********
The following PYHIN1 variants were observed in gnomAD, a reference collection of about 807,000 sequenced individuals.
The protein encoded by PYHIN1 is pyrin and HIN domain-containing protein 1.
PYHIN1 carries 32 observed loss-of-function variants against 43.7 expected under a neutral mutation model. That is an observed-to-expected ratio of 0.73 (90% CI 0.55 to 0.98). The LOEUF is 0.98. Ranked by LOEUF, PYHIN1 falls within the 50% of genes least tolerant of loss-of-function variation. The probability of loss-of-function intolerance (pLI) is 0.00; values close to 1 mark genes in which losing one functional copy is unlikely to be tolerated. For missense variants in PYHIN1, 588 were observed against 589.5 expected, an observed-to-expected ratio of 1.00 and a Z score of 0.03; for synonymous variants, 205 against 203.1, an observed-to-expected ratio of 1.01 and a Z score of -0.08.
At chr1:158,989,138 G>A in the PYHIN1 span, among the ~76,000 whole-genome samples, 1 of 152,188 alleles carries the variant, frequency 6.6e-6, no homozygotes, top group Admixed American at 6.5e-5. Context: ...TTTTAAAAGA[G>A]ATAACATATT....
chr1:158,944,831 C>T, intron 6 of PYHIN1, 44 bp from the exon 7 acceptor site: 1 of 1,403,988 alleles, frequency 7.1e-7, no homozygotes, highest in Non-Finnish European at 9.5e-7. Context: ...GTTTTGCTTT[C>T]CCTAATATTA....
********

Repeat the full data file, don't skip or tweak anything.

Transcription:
The following PYHIN1 variants were observed in gnomAD, a reference collection of about 807,000 sequenced individuals.
The protein encoded by PYHIN1 is pyrin and HIN domain-containing protein 1.
PYHIN1 carries 32 observed loss-of-function variants against 43.7 expected under a neutral mutation model. That is an observed-to-expected ratio of 0.73 (90% CI 0.55 to 0.98). The LOEUF is 0.98. Ranked by LOEUF, PYHIN1 falls within the 50% of genes least tolerant of loss-of-function variation. The probability of loss-of-function intolerance (pLI) is 0.00; values close to 1 mark genes in which losing one functional copy is unlikely to be tolerated. For missense variants in PYHIN1, 588 were observed against 589.5 expected, an observed-to-expected ratio of 1.00 and a Z score of 0.03; for synonymous variants, 205 against 203.1, an observed-to-expected ratio of 1.01 and a Z score of -0.08.
At chr1:158,989,138 G>A in the PYHIN1 span, among the ~76,000 whole-genome samples, 1 of 152,188 alleles carries the variant, frequency 6.6e-6, no homozygotes, top group Admixed American at 6.5e-5. Context: ...TTTTAAAAGA[G>A]ATAACATATT....
chr1:158,944,831 C>T, intron 6 of PYHIN1, 44 bp from the exon 7 acceptor site: 1 of 1,403,988 alleles, frequency 7.1e-7, no homozygotes, highest in Non-Finnish European at 9.5e-7. Context: ...GTTTTGCTTT[C>T]CCTAATATTA....